The Purchasing Power Parity Debate

Evaluating the regression analysis carried out, first of all taking all P values into account: We can see from all the tests carried out that P value remains constantly zero which indicates that the variables have been correlated very positively over the period. The interdependence of the variables are in perfect correlation such that the movement of the variables can be easily predicted. While analyzing the results from the T value we can see that except in the case of Uk currency against Japanese Yen, in all the other three cases the figure lies below 1.

06 thresh hold to be what is classified as significant. Hence the fluctuations in both the currencies will be felt equally on each other. Whereas in the case of the UK pound against Japanese Yen it is high at 6. 27. This implies that the effect of changes in the currency of Japanese Yen will have very insignificant effect on the UK pound. The final values are R-Sq values which are quite low in its percentage value for the exchange fluctuations. This shows no significance for the currency conversions. With the four figures being quite low there is again no clear relationship between the two variables.

There are factors affecting the dependant variable that are external to the independent one. This tie in with the low percentage figures of the coefficient. Both the percentages are low and hence the goodness of the fit of this model is relatively low and therefore the argument that the PPP theory can hold cannot be proved. However in the case of interest rate differences it is very high at 46. 9% and 43. 4% which signifies a high degree of correlation between the variables. PPP theory offers an idealistic view into the relationship between exchange rates and fluctuations and inflation.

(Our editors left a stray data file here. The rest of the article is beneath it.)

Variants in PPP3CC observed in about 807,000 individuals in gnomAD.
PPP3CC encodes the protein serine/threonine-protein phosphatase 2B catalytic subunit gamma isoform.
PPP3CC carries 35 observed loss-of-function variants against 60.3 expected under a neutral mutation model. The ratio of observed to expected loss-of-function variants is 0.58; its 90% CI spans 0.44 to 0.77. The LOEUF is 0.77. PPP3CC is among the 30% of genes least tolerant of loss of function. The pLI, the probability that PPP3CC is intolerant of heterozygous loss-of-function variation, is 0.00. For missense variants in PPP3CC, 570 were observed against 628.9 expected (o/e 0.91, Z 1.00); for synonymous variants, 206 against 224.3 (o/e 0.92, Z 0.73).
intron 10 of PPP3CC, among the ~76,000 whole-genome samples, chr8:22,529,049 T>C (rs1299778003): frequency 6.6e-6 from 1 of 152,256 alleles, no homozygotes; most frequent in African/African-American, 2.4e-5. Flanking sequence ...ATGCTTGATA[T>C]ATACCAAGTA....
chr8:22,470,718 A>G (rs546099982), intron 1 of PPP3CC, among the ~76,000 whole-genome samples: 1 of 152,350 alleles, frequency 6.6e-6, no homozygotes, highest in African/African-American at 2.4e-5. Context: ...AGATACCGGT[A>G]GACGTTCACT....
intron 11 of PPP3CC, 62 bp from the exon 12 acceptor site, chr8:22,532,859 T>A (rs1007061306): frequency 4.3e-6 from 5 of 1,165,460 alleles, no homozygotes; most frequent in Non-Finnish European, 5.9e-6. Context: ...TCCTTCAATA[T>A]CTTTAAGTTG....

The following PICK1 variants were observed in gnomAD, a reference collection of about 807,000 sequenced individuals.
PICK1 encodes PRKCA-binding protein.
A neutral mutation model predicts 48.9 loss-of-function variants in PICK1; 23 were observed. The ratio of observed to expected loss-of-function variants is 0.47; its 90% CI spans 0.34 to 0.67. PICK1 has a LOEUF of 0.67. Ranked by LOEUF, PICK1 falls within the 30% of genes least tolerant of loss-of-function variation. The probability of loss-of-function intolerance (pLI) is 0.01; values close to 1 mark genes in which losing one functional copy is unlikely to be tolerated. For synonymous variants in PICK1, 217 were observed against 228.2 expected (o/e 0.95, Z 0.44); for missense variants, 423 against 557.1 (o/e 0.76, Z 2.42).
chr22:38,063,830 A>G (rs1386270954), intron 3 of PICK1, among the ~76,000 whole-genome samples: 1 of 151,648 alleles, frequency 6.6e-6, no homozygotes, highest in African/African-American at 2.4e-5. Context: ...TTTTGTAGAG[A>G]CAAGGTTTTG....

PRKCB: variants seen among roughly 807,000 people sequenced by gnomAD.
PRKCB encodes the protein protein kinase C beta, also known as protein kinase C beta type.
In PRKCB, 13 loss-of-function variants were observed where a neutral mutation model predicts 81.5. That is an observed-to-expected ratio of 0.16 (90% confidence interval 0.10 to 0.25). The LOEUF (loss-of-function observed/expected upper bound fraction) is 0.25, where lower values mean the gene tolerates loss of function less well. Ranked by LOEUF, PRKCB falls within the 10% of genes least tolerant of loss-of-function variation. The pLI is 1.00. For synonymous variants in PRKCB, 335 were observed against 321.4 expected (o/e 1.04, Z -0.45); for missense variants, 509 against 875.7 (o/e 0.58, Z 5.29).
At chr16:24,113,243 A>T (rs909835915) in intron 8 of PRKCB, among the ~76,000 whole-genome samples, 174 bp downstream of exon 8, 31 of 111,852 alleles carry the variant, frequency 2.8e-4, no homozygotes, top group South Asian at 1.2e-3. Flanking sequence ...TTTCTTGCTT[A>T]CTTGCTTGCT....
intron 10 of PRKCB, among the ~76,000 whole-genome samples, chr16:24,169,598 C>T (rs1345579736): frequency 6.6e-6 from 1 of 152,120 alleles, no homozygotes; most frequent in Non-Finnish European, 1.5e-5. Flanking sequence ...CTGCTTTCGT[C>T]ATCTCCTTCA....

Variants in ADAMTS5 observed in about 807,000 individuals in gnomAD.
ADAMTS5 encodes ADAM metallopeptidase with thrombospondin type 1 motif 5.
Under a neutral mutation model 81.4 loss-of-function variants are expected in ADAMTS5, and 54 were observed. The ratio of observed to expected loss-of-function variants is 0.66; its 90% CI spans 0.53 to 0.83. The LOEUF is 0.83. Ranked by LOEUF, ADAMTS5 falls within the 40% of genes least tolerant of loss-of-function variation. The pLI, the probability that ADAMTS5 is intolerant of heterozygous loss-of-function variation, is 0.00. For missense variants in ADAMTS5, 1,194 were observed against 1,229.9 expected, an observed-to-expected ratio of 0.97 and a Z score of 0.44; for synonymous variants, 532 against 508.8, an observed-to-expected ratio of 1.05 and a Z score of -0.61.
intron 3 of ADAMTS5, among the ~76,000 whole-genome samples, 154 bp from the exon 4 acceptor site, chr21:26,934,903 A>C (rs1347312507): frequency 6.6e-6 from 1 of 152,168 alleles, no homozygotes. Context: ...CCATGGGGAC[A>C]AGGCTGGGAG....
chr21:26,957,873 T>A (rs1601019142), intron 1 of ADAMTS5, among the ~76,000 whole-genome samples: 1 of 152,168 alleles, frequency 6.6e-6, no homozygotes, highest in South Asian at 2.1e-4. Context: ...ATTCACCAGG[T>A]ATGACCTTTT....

However in a real world sense this cannot be the case. There are drawbacks that are apparent when considering the international trade. Trade relations between countries could be less developed. If tariffs and quotas are put in place, this will have some direct relevance into how much goods or services costs in a foreign market. From our analysis what we would expect to see is that PPP theory could be held based on the correlation between the exchange rate fluctuations in the two currencies we have considered.

When the PPP is held there should have been a perfect correlation between the currencies over the period. However the difference in the interest rate calculations does not show any correlation. This means that the varying interest rates affect the economic progress of the countries in different ways and the increase in the interest cost would lead to inflation. However all this does not mean that PPP theory is somewhat invalid. It may just mean that it is more suitable as a long term perspective. To see what results the currency exchange rates have on the inflation of a country, a long term view must be held.

Years may not be the enough time to see the effects of the exchange rate fluctuations as well as the interest rate differences. It would be ideal to do the regression comparing the exchange rate differences and the consumer price indices of two different countries; for example US and the UK as well as UK and Japan. This analysis may give more authentic results about the progress of both the economies in relation with each other.

REFERENCE LIST:

1. Alan M. Taylor and Mark P. Taylor (2004) The Purchasing Power Parity Debate NBER Working Papers [online] Available